Wednesday, December 01, 2010

Avocado harvest and the Hula Valley

Avocados at Kibbutz Dafna.

After leaving the springs, I was off to visit some recommended kibbutzes. Most kibbutzes were founded as a utopian/socialist collective community that supported themselves through farming or another industry. Over the years, many have broken. One that I visited has basically become student housing for the university next door. One of those students was nice enough to show me the avocado and orange orchards at the back of kibbutz. I have learned to love avocado in the past few years. I had no idea it grew on a tree and I certainly have never had any as fresh as the ones I picked directly from those trees. Yum! When I left my gear was substantially heavier. I had enough to last into Egypt!

Avocado picking for B-Nelson.

Almost ripe oranges at Kibbutz Dafna.

I had hoped to spend the night soaking up good music at a venue in one of those kibbutzes, but I got there on the wrong day. I could wait another day and lose a day of biking or be a slave to my schedule. I chose the slave route. In Syria, I had gotten back on a workable schedule, but losing three days in Amman had put me on the brink again. I set out for the Hula valley where I would be in time for the bird migration.

Hula Valley morning fog.

Hula Valley first movement.

At the meeting point of three continents, Israel is an ideal location migrations. Five hundred million birds migrate through Israeli air space twice a year. The quantity is so large that the Israel had to come up with solutions to reduce the number of bird to plane collisions. The Hula Valley is a major stop for some of the birds and it happened that I was there at the right time to see them. Each day, 20,000 birds pass through. The trick was that the birds are the most active at sunrise, 6am, and the park did not open until 9am.

Hula Valley land critters.

When I arrived at the park as they were closing, I asked about getting in early. One ranger trying to help me out suggested that the birds migration was like my own from Austria to Cairo. The supervisor was not buying it even though she acknowledged the birds are more active then. I asked about going in with the morning farmers that a ranger had mentioned earlier. She gave the open answer that, the park does open until 9am and they could not let me in until then. The ranger who was trying to help me out gave me the key piece of information that I needed. He said that the farmers started showing up at 5am.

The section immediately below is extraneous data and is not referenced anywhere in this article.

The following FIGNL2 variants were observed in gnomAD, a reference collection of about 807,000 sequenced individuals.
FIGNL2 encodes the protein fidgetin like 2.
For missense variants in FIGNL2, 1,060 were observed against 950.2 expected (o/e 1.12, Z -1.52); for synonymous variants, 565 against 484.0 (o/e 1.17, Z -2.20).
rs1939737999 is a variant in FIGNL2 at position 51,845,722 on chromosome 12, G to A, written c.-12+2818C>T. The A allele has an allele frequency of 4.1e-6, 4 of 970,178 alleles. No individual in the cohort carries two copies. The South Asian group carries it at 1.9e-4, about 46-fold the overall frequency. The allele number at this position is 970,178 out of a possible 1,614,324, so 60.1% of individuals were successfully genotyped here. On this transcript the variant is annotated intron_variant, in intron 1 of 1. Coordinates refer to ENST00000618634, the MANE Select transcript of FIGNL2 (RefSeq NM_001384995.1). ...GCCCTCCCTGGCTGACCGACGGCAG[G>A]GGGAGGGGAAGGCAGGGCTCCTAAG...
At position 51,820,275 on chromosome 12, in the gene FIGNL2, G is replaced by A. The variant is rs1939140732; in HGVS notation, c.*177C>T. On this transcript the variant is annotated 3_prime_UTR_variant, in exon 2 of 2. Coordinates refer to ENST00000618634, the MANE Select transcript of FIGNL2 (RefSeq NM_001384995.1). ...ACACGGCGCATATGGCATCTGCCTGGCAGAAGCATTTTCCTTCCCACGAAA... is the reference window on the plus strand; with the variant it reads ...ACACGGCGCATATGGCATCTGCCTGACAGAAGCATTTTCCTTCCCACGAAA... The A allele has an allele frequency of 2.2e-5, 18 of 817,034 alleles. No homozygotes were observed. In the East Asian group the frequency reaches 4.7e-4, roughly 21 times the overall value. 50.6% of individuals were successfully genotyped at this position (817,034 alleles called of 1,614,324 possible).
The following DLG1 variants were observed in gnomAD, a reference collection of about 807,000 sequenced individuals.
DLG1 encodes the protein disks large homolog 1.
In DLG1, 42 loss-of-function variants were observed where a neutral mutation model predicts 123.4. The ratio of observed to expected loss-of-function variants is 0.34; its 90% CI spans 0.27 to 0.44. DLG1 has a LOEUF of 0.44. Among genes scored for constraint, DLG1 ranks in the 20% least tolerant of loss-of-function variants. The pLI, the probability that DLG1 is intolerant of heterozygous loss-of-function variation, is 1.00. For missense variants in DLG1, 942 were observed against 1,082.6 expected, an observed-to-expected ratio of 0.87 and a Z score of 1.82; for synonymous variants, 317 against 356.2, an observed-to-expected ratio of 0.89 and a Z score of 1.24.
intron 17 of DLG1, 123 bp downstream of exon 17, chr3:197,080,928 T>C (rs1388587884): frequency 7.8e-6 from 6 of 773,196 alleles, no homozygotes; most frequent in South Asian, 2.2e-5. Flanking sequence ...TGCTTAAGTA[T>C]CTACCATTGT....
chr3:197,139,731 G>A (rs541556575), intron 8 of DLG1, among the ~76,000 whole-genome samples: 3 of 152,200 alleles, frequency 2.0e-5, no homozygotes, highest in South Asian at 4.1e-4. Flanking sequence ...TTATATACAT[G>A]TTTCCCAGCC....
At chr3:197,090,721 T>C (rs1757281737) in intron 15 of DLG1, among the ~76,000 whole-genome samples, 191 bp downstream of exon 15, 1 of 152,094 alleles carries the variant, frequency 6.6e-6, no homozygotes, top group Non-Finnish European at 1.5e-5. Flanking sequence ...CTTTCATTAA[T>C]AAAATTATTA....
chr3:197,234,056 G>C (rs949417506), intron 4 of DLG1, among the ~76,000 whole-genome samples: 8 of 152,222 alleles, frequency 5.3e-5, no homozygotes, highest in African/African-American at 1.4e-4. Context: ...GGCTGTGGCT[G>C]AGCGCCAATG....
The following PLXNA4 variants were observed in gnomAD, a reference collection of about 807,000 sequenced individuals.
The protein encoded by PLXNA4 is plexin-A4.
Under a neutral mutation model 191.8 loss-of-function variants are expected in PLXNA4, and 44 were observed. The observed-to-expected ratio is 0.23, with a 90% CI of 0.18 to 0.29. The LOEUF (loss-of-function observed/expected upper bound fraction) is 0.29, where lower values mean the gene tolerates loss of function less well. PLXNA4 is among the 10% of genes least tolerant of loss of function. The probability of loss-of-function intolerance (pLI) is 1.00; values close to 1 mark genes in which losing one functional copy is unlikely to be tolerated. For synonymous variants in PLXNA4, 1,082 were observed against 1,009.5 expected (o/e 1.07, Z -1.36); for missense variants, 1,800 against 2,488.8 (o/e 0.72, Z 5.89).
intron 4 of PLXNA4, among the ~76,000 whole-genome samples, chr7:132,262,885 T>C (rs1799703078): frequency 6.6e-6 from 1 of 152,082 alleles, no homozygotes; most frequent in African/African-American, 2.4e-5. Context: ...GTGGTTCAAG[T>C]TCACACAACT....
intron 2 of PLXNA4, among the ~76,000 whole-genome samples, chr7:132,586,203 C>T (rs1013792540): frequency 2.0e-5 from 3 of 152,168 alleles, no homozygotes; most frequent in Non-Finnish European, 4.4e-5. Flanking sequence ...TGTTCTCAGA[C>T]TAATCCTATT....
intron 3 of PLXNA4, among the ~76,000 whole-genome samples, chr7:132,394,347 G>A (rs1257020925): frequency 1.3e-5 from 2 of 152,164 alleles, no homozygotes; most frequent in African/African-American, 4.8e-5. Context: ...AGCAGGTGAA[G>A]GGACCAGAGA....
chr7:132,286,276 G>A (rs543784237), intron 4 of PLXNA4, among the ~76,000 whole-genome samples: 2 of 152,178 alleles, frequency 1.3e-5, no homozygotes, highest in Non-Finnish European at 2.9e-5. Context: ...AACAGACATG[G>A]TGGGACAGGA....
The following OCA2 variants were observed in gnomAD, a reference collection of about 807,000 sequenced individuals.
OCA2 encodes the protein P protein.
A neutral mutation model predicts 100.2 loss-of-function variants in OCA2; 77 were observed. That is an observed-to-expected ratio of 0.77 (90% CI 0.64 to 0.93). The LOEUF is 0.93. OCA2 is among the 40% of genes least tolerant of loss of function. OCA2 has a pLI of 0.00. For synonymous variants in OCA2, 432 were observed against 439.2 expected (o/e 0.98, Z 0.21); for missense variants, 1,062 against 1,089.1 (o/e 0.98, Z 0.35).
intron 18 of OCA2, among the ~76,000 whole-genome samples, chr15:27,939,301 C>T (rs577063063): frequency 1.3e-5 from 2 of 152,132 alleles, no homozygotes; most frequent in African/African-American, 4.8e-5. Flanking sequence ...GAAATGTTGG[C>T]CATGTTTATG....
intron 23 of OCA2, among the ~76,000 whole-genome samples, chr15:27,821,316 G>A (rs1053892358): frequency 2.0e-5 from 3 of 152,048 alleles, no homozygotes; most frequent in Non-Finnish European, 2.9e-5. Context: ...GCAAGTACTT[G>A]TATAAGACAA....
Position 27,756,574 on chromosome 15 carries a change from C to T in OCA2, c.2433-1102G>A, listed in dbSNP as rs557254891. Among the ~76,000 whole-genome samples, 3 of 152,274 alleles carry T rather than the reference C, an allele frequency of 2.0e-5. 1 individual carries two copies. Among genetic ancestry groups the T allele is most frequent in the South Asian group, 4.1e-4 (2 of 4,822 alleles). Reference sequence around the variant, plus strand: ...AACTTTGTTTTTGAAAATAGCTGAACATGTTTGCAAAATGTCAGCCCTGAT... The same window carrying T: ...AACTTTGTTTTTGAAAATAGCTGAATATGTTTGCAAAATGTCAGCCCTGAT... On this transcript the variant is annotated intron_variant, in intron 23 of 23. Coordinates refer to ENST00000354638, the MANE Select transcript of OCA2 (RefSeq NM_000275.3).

Farm equipment silhouetted at sunrise.

I camped less than a kilometer from the site. In the morning, I was up early as always and ready to go. I packed up quickly and headed for the gated site. As I arrived, a truck was passing through, but I was too slow to talk to him or follow him through. I waited about twenty minutes before another truck came. I waited out of sight on the far end of the parking lot. When I saw the truck start to go through and the 7m gate started to close, I sprinted for it. I only had to go 60m, but it seemed a lot farther. I got there with a 2m to spare. The gate detected me and opened back up which worried me because the truck wasn't out of sight yet. He kept driving.

Two more of the unnamed mammals at Hula Valley.

A canal at the Hula Valley.

I was in! It was dark. It was foggy. I had been told to just follow the road around, but I couldn't see anything in the fields. Eventually, I saw a couple cars which made me nervous. I didn't know if they were also in there without permission or if they would toss me out. I didn't want to test the waters, but there didn't seem to be anywhere else to go. There seemed to just be one main road. Eventually, I found a tourist golf cart trail which took me closer to the birds and away from the other visitors.

Morning in the Hula Valley during the bird migration.

Shrouded in the fog, I waited for sunrise. There was never any single major lift off of all the birds. As I rode around, I watched as one small group after another took to the skies. It was amazing. It was incredibly noisy. Noisier that you would ever think birds could be. It reminded me of the noise at the Cape Royds penguin colony. It was not any where near as bad as the honking cars in Damascus.

Birds in the Hula Valley.

As I wandered, the sun came up. The fog burned off. Then, I saw something weird. I saw a couple other bikers cruising through the park. They were there for a morning ride. I am not sure if they snuck in or were allowed to be there. They just cruised by and waved. As the sun got higher, it was time to go. The ranger who had helped me just told me to make sure to be gone by 9am. The trick was that the rangers started showing up at 7:30am and I needed a truck to open the gate for me on the way out again. Neither one was an issue. A truck rolled up just as I got back to the gate and I followed him right out to the main road over the mountains and down to the coast.

Great scenery on my bike ride to the coast.

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